Legislative Committee Debates Safety of Crumb Rubber
Sen. Ted Kennedy Jr. said Tuesday that he has read enough research about possible dangers associated with “crumb rubber” to warrant an end to the use of the material in playgrounds. At least for now.
“Crumb rubber” is the term being used to describe shredded or ground rubber recycled from motor vehicle tires, and in recent years has been used in a variety of surface applications in playgrounds.
“It’s time to take a breather,” the Democratic Senator from Branford told the Children’s Committee Tuesday.
The committee was hearing testimony on several bills Tuesday, including legislation that would prohibit the installation of ground cover that contains crumb rubber in municipal and public school playgrounds on or after October 1.
Kennedy told the committee: “I am very well aware that experts disagree and there is conflicting scientific evidence” on whether synthetic turf fields and playgrounds pose a safety danger.
However, Kennedy said he would rather “err on the side of caution until more is known.”
But not everyone, including the Connecticut Department of Public Health, agrees.
The Department of Public Health acknowledged the concern about the crumb rubber used in making these artificial fields and playgrounds, but feels the concern has largely been put to rest with studies by the state of California and Rutgers University.
“DPH recognizes that these studies have limitations and will continue to monitor the literature as new studies are reported,” Acting Commissioner Raul Pino said in his written testimony.
The Connecticut Department of Public Health and the Department of Energy and Environmental Protection and the University of Connecticut Health Center did its own study of five artificial fields in Connecticut in 2010-11 and “did not find a large amount of vapor or particle release from the fields.” The risk assessment also did not find an elevated risk of cancer.
Fred Balsamo, executive director of the Connecticut Association of Athletic Directors, said he opposes the legislation because “it is a reaction to much propaganda and hype rather than fact.” He said there is “no factual proof that using crumb rubber has or does cause cancer.”
In his written testimony, Balsamo attached a 2015 Department of Public Health memo to local health departments that states that it’s the department’s position “that outdoor artificial turf fields do not represent an elevated health risk.”
Committee members noted that the issue has become a “front burner” one, in part because President Barack Obama is seeking $1 million for a federal investigation into the safety of artificial turf fields and playgrounds.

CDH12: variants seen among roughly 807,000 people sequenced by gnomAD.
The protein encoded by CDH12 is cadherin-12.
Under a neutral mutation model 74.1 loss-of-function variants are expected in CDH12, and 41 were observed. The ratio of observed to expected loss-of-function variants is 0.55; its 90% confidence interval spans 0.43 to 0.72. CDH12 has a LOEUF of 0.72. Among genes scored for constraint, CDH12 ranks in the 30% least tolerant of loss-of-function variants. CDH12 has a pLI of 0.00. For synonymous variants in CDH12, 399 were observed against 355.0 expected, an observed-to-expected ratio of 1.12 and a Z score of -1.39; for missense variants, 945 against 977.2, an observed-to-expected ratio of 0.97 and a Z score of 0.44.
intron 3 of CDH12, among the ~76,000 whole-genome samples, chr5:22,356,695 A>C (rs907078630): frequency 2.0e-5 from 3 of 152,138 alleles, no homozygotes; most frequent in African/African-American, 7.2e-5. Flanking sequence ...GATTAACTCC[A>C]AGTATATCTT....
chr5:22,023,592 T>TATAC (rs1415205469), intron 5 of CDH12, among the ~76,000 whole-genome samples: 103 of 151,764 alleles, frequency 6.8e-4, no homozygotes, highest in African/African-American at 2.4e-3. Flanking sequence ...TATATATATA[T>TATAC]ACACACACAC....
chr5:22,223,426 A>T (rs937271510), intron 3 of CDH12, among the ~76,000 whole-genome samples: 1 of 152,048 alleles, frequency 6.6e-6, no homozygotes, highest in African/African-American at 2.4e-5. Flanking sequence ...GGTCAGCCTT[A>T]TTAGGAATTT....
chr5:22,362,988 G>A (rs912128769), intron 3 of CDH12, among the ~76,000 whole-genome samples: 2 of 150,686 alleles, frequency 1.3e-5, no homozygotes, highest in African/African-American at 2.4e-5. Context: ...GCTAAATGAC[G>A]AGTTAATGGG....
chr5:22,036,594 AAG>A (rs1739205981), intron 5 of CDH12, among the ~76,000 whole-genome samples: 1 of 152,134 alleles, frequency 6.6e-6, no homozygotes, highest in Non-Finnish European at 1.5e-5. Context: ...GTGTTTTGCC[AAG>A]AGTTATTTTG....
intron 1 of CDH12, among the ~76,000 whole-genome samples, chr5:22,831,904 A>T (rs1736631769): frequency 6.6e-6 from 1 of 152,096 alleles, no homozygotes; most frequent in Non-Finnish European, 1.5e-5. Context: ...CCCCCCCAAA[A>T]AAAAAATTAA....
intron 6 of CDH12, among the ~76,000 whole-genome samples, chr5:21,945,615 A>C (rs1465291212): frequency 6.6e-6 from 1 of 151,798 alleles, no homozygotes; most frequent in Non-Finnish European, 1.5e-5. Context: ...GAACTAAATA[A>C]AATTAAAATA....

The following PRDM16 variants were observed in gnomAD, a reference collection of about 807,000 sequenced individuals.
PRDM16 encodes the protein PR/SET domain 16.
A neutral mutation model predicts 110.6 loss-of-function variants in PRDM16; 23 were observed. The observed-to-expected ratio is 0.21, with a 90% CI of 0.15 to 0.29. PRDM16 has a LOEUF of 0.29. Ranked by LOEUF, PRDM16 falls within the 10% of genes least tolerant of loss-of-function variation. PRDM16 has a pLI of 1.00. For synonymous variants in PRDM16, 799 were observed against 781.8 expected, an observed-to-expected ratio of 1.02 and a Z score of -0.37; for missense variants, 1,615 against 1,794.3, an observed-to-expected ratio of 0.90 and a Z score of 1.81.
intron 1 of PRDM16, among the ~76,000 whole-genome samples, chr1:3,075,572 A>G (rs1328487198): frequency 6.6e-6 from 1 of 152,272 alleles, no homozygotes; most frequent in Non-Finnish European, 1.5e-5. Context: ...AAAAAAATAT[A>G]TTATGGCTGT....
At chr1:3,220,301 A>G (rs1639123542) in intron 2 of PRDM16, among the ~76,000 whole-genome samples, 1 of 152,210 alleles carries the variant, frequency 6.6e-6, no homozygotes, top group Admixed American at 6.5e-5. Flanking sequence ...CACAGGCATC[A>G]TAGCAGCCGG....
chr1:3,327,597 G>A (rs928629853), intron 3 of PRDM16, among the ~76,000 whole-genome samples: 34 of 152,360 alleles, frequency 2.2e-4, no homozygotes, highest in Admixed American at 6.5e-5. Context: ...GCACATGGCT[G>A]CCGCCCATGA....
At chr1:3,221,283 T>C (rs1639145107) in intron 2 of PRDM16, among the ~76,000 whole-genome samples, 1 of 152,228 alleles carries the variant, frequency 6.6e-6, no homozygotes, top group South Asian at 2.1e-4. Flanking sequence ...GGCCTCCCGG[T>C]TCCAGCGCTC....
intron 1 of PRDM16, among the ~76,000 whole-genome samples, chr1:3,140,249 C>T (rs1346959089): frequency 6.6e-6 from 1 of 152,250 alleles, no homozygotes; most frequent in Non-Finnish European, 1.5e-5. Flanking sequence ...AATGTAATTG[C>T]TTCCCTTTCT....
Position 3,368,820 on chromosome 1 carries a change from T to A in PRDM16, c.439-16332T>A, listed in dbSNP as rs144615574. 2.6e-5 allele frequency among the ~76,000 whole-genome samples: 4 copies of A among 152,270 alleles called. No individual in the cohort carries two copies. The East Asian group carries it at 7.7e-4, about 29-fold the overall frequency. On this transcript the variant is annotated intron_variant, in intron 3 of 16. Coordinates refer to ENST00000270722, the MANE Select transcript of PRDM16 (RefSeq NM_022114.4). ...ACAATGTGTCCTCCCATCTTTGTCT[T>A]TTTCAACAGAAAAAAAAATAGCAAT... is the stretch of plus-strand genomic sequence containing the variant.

The request, included in the president’s broader budget proposal to Congress, comes after U.S. Sen. Richard Blumenthal called on the White House to initiate a comprehensive study into the potential health risks posed by the fields.
Several Connecticut communities in recent weeks, including Hamden and Guilford, have had meetings where there have been lengthy debates between those who say the fields are dangerous and those who say studies have shown that the fields are perfectly safe.
Rep. Noreen Kokoruda, a Republican who represents the town of Madison where the town has built synthetic fields, said one of her frustrations is that the “expert opinion” on what playing surfaces are considered safe “seem to constantly be changing.”
“If we’re going to tell towns what type of fields they shouldn’t use, then we need to be able to advise them on what type of fields they can use,” Kokoruda said.
Nancy Alderman, president of North Haven-based Environment and Human Health Inc., told the committee that it was the right thing to do “to ban crumb rubber from our smallest children’s’ playgrounds.”
“Whatever you attempt to do you will get enormous push back from the industries that benefit from crumb rubber field installation in our state,” Alderman said. “But move forward with this — for our children’s’ sake.’‘
Alderman and others said putting a moratorium on new crumb rubber playgrounds — and fields — will allow more time for study.
Blumenthal said last week that if the federal study Obama asked for is approved, it should be completed by the end of 2016.
At the moment, the language in H.B. 5139 doesn’t suggest a temporary moratorium, but rather a prohibition in the use of the material starting Oct. 1.